At this point, I have stopped trying to figure out how and why certain people are winners of the prestigious Nobel Prize. For some most deserving recipients, such as President Jimmy Carter in 2002, it was just a matter of time. However, the announcement of others takes me by real surprise. The most recent example is Bob Dylan, Nobel laureate in literature, who has been highly influential in the music scene for decades and for which he will receive an enormous check.
There have been plenty of musicians in my lifetime who have also “created new poetic expressions within the great American song tradition” (Leight, 2016). I hope I am not diminishing the tremendous honor bestowed upon Bob Dylan when I ask what singled him out of a crop of accomplished musicians such as James Taylor and Billy Joel? I was also among the shocked when, in 2009 at the birth of his Presidency, President Barack Obama was announced as winner. President Obama, just settling in at the White House, had not yet made a mark at all.
Another perplexing winner is Elfriede Jelinek of Austria, a virtually unknown writer whose announcement in 2004 garnered a worldwide chorus of “Who?” Google answered instantly: Elfriede Jelinek is a Austrian playwright and novelist, who won
for her musical flow of voices and counter-voices in novels and plays that with extraordinary linguistic zeal reveal the absurdity of society’s clichés and their subjugating power (“The Nobel Prize in Literature 2004,” 2004).
Jelinek’s notable works of literature include The Piano Teacher (2004), a novel loosely based on her personal life and adapted for this month’s feature film of the same name.
Austria’s cultural focus on music
Background knowledge of Austria and its ways enhances the understanding of Elfriede Jelinek and The Piano Teacher. The Austrian music scene during Jelinek’s time is the equivalent of sports in America. In the US, youth sports are taken seriously–hopes of college scholarships propel parents to open their wallets to spend millions of dollars on equipment, coaches, lessons, camps and clinics. At the sidelines of every athletic field are parents who are coaching, cheering, arguing, and taking pride at goals, touchdowns, and baskets. While music, drama, and scouting are also highly respectable activities, it is sports that creates the most fervor in America. In the movie, The Piano Teacher, the mother of one of Erika Kohut’s female students could be the quintessential American parent at any little league baseball game. Simply put, in Jelinek’s Austria, ambitious parents were at musical conservatories, not the athletic fields.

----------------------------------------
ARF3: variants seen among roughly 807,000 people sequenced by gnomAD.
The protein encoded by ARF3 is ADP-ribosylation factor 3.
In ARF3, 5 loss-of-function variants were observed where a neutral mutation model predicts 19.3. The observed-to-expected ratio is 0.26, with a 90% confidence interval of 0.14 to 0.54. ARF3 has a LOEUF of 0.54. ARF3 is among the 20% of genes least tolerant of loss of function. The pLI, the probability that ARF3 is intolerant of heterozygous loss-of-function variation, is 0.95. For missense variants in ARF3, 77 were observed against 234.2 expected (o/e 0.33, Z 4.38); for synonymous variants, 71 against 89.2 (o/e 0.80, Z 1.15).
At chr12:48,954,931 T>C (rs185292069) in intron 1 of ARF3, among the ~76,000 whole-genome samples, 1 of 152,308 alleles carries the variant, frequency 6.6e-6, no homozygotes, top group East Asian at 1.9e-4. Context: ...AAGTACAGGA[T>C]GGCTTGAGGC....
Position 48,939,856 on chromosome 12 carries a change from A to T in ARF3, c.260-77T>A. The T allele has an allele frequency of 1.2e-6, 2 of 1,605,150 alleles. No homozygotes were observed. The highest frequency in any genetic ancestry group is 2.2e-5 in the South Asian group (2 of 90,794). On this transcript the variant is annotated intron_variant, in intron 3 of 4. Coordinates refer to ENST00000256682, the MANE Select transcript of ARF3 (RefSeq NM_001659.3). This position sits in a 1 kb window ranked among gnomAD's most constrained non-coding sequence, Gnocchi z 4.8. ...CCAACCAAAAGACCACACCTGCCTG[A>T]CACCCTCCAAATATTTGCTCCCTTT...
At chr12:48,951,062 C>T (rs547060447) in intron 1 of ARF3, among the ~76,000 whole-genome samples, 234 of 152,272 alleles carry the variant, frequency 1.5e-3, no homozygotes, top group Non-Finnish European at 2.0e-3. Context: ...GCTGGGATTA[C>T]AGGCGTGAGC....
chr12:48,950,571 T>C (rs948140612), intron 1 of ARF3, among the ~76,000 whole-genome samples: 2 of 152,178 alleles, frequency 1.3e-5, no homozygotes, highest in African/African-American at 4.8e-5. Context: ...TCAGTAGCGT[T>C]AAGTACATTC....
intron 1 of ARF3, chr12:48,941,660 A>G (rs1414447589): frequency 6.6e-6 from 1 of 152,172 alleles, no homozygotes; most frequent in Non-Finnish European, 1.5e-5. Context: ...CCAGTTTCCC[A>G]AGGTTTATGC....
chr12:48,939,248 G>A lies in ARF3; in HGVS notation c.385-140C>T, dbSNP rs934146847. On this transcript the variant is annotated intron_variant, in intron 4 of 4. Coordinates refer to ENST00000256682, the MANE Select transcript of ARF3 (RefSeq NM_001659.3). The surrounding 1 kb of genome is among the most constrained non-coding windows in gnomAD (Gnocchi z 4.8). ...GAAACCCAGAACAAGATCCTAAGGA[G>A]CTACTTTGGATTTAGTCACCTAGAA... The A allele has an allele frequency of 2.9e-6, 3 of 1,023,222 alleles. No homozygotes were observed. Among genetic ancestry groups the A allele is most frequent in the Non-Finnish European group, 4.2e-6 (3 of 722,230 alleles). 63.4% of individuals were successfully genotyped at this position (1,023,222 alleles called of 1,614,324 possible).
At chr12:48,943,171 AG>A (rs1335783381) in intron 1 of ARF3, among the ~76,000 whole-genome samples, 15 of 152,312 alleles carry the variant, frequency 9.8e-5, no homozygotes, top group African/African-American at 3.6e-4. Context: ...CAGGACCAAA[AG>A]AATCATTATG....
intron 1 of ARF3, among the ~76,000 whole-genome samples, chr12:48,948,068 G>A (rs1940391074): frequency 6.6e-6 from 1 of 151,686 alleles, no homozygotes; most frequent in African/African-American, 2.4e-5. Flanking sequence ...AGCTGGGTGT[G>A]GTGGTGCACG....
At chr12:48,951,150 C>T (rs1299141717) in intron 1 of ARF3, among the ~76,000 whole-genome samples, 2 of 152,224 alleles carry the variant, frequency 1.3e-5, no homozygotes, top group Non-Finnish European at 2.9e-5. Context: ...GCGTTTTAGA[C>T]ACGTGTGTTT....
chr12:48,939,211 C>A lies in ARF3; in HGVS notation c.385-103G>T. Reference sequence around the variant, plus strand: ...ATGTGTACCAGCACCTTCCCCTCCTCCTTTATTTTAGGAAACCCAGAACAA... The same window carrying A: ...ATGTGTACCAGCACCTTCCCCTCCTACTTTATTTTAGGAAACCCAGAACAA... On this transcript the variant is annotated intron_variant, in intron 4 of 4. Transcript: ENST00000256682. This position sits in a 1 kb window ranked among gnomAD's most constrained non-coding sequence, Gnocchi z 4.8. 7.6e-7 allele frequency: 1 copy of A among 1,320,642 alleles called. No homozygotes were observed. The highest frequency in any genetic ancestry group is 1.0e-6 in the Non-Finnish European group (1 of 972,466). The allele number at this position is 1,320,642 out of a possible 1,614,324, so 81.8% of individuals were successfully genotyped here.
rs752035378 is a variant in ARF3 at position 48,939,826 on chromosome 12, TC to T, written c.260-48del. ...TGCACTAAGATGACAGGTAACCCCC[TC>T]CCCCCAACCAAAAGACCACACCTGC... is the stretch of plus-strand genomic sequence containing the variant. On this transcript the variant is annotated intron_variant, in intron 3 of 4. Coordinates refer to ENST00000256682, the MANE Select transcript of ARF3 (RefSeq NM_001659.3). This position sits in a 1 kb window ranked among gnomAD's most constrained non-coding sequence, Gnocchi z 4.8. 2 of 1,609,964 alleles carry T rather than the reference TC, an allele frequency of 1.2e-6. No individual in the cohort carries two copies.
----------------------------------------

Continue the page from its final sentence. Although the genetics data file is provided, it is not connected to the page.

Jelinek’s mother was of the extreme type who expected from Elfriede nothing less than excellence in piano. She was willing to have her daughter forgo a normal childhood to achieve this. You and I are aware of plenty of American parents who fit this profile in sports. Elfriede complied and became a respectable pianist. However, in music as in practice takes you 99% of the way, but it is an innate talent or quality that will get you to the top 1%. The 1% is the body of Michael Phelps, the hands of Van Cliburn, and the height of Lebron James. Alas, Elfriede Jelinek did not have that last 1%, so she became a piano teacher.